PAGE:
The Diagnosis

On Monday, August 28th, I was diagnosed with breast cancer.

Cancer.

It’s probably the dirtiest word in the English language—at least one of them—right up there with the F word. Such an ugly, stupid little word. A word that can mean so many different things to so many different people.

In all fairness, I got lucky with my cancer. It’s curable. It’s not terminal. It’s not a brain tumor. It’s not inoperable. I’m not going to lose a limb. This entire experience is just going to be a blip on the radar one day.

Doesn’t make it suck any less, though.

When I received the diagnosis, I immediately decided I needed to document this experience. Writing for me has always been relaxing, and I assume/hope this will be no different. It will be an outlet for me; a way to communicate everything I’m going through so I can share it with my family and friends, and maybe even look back on it one day when I need to remind myself that I’m a survivor. Maybe it’ll even inspire someone else, give them comfort in their own journey; maybe it won’t.

Funny, when I decided I wanted to write about it, I wished I’d started when I first found the lump. But really, who wants to assume the worst when they find a lump? I sure didn’t. I’ll backtrack at some point and go back to finding the lump and the procedures that led me to the diagnosis, but for now I’m going to move forward.

So the diagnosis…invasive ductal carcinoma. Yuck. Double yuck. When I received the initial diagnosis, we were still waiting for the rest of the biopsy results which would indicate whether the cancer was protein or hormone sensitive, or something like that. I was kind of in a fog during that part of the conversation, and my notes from the phone call looked like pure chicken scratch. I think I even threw them away while cleaning by accident (I swear, it’s like I’m nesting). So the rest of the biopsy results determine whether I will need to undergo chemo or have some kind of hormone therapy.

Chemo. Blech. Seriously, my biggest concern at that point (not even kidding) was that if I had to go through chemo, I might vomit…after the chemo. I’ve heard/read/seen on TV where people get sick from chemo. I hate throwing up. Absolutely despise it. I can probably count on one hand the times I’ve vomited in my life (aside from early childhood as I don’t remember much from back then because, yeah, it’s was more than 30 years ago).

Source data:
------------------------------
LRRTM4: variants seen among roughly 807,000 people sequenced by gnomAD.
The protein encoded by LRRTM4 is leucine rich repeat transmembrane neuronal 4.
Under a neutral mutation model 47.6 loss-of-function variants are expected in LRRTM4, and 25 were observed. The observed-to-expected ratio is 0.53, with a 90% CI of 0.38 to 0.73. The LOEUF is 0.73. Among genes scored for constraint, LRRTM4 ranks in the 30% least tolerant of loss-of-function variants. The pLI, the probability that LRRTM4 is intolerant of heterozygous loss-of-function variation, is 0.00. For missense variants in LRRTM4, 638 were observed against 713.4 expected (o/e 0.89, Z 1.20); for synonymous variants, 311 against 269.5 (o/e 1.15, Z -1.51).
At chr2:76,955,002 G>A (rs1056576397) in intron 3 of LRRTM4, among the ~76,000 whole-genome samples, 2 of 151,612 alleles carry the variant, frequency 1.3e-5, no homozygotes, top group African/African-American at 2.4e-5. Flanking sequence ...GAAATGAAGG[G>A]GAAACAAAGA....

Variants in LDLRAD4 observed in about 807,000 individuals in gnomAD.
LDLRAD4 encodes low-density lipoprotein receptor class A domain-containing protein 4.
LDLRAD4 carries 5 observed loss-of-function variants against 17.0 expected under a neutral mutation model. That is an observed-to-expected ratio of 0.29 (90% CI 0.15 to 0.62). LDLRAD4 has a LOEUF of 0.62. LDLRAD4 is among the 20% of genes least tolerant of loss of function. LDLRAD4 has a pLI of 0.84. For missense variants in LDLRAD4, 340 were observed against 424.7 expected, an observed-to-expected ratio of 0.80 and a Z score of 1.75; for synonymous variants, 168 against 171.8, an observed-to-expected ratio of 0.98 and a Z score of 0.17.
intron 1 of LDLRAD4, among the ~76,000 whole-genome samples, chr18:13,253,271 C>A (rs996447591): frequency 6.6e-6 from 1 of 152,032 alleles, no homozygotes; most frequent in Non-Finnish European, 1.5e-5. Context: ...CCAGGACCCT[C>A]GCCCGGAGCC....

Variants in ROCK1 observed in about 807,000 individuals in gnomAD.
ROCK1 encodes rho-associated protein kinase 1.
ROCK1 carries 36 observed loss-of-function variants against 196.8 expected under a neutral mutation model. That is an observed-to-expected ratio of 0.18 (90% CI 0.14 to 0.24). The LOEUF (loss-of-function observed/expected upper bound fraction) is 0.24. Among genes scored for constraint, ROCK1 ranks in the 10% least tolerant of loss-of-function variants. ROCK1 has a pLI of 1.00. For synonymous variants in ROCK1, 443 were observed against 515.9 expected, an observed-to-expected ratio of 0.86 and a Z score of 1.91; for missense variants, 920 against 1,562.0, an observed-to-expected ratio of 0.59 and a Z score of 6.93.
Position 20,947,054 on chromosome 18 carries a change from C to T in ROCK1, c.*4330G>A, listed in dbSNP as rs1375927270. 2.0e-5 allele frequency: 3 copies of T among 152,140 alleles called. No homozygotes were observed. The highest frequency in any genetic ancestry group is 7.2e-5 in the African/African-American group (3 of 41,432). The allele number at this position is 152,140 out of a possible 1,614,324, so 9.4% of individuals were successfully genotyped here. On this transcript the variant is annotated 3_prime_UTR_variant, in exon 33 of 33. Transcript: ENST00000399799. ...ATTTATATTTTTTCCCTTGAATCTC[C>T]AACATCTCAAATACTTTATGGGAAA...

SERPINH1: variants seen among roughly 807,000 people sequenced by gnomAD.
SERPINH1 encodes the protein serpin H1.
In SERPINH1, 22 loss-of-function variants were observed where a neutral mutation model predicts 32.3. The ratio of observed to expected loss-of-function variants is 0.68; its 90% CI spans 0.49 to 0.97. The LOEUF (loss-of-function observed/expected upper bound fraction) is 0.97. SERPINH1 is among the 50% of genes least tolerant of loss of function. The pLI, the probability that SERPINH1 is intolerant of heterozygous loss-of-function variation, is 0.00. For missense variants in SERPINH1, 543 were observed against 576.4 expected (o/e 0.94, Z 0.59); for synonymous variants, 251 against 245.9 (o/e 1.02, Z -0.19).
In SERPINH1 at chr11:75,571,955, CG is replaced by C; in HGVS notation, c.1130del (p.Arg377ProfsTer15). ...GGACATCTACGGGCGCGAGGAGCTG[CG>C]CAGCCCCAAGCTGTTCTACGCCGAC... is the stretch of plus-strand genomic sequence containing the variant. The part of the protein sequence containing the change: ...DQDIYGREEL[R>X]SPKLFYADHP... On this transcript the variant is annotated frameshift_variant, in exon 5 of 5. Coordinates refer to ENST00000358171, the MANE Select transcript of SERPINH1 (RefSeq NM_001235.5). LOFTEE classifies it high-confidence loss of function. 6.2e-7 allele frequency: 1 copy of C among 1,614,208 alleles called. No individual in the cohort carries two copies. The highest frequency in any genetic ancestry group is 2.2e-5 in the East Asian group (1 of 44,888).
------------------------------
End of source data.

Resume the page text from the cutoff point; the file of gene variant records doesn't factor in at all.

Here’s another thing that floors me. I’m 35 years old. I think I was in denial that my lump, let’s call it Jean-Paul (French accent and all, just because – and JP for short), was anything because I’m only 35. I either naively thought that breast cancer happened to women older than me, and the occasional male, or I didn’t think about it much at all. Interesting how I accepted its possibility in men more than in women in their 30s. I was so wrong. My doctor had diagnosed 3 other women in their 30s the day I went in for my biopsy.

Cancer sucks.

By now you probably have an idea that my stream of consciousness, which I’m pouring all over this post, is sort of all over the place. It’s hard to focus on one particular thing when there is SO MUCH running through your brain. That’s how I feel – utterly overwhelmed. I’m overwhelmed, but I’m positive. Optimistic even.

My cancer is curable.

Not everyone is that lucky.

So back to the diagnosis. I got a call back from my doctor a few days later with the rest of the biopsy results (after playing phone tag because she called while I was in class, and like a good little student, my phone was tucked away in my backpack on silent). All my finger-crossing that it wasn’t the kind of cancer that required chemo was for naught. It is indeed a protein-based cancer that will need to be treated with chemo. Boo. I just hope the anti-nausea meds work, but I’m not holding my breath. If I lose my hair, I’m probably not going to like it, but I hate feeling nauseous more than I love my hair. How’s that for priorities?

I’ve got HER-2/NEU. My doctor asked me if I’d done any research on the internet. I said no, which is still sort of surprising to me. I’m the kind of person that wants information and facts. I want to know everything about everything so I can make well-informed decisions. Oddly enough, I didn’t research this. Why, you ask? Well, because I loathe Dr. Google. A cramp in a pinky toe can turn into an aneurysm in about 3 seconds flat with the right web search. So I didn’t want to do that. Granted, when I first found JP (the lump…stay with me here), I did a little searching to see what I might be dealing with. But that was it. I looked at the list of potentials, and made a plan. I didn’t agonize over what each and every possibility was and what it meant because it could have been anything and I didn’t want to drive myself insane and end up with an anxiety disorder on top of whatever the heck JP was. I’ll include more about that in a later “flashback” post, though.

So HER-2/NEU, chemo, and an appointment with my specialist and an oncologist on September 8th. I’m having some imaging done this week (MRI, bone scan, CAT scan) – to determine size and see if there is cancer anywhere else, which I’ll talk more about later.

That’s where I’m at right now.

This post may not have made any sense whatsoever, but, like I mentioned before, my stream of consciousness is sort of all over the place. Had I started these posts immediately, they’d probably be a little better organized.

**Shrugs** Oh well.

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